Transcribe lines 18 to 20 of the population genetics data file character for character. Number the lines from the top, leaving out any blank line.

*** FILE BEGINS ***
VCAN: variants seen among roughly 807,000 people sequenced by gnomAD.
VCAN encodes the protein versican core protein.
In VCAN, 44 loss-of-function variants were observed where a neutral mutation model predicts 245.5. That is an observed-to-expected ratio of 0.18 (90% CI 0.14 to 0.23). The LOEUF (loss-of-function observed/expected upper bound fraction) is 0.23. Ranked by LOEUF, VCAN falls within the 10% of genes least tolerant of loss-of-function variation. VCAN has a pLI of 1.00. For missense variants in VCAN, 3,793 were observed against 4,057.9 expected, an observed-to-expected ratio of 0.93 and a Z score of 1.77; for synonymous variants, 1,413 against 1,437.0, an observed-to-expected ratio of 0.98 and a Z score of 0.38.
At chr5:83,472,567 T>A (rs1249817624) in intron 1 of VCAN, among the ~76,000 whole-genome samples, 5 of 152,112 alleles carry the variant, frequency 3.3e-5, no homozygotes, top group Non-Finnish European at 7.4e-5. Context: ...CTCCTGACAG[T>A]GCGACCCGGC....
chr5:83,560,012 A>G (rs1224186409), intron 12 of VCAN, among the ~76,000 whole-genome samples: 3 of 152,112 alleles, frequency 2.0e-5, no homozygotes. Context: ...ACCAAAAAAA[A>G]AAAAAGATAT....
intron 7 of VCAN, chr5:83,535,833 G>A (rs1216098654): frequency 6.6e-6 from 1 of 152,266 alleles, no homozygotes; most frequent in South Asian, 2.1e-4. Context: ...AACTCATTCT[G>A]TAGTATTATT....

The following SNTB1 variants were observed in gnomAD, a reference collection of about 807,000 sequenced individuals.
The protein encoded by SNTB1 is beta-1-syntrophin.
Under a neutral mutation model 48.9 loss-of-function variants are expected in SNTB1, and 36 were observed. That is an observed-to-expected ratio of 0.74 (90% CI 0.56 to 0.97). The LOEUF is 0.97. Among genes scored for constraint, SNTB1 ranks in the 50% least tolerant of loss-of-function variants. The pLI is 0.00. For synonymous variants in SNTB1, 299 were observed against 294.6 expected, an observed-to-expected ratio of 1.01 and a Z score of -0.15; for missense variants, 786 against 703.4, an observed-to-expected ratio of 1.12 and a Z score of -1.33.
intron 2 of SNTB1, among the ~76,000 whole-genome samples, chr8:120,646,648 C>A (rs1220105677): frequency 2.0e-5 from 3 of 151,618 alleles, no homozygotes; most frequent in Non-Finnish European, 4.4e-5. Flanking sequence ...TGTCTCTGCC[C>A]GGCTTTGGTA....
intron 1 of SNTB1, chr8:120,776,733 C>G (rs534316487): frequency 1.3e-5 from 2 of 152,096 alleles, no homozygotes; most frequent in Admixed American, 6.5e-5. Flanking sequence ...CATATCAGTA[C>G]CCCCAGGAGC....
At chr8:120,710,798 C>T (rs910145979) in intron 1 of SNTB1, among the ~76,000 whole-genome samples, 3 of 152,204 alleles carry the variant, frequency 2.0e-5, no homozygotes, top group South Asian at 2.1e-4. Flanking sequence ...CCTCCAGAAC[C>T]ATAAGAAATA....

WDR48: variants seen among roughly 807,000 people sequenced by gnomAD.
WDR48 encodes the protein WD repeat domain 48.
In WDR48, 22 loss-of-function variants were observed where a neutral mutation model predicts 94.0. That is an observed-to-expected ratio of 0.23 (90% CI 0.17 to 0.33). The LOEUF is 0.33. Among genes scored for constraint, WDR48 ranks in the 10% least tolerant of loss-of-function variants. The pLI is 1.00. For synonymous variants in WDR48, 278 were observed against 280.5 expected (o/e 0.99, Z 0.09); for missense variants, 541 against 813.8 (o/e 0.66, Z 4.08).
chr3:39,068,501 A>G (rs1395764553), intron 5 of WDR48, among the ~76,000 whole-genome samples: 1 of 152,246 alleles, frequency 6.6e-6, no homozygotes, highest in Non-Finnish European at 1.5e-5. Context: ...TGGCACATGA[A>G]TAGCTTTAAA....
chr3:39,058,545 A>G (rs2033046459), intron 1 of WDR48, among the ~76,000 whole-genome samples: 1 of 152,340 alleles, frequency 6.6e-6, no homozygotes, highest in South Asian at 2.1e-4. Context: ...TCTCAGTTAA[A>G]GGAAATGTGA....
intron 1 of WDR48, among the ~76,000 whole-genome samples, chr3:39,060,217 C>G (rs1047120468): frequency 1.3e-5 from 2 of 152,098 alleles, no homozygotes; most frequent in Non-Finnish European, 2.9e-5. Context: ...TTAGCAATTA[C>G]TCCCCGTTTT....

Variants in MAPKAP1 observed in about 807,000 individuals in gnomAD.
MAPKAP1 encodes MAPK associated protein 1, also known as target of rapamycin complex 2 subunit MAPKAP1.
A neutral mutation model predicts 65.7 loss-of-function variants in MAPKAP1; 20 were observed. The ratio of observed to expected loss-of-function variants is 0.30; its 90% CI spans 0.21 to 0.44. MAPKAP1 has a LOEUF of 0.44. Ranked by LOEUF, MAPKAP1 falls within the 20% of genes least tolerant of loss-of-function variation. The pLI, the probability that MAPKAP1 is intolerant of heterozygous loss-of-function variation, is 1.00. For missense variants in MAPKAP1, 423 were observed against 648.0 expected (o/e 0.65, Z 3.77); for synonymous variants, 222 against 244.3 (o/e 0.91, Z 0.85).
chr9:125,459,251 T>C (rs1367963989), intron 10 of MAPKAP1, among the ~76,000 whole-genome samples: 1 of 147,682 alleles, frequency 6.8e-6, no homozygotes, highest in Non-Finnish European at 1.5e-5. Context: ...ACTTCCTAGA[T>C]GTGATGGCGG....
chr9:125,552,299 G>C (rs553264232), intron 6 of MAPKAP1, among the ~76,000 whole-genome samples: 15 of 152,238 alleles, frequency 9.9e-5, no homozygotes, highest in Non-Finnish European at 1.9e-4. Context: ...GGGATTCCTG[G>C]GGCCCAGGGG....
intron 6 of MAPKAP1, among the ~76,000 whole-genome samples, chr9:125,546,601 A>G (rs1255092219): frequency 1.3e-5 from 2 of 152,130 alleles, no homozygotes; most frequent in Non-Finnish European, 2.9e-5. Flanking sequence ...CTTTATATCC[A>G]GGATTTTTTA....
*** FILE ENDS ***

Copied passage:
intron 1 of WDR48, among the ~76,000 whole-genome samples, chr3:39,060,217 C>G (rs1047120468): frequency 1.3e-5 from 2 of 152,098 alleles, no homozygotes; most frequent in Non-Finnish European, 2.9e-5. Context: ...TTAGCAATTA[C>G]TCCCCGTTTT....

Variants in MAPKAP1 observed in about 807,000 individuals in gnomAD.
MAPKAP1 encodes MAPK associated protein 1, also known as target of rapamycin complex 2 subunit MAPKAP1.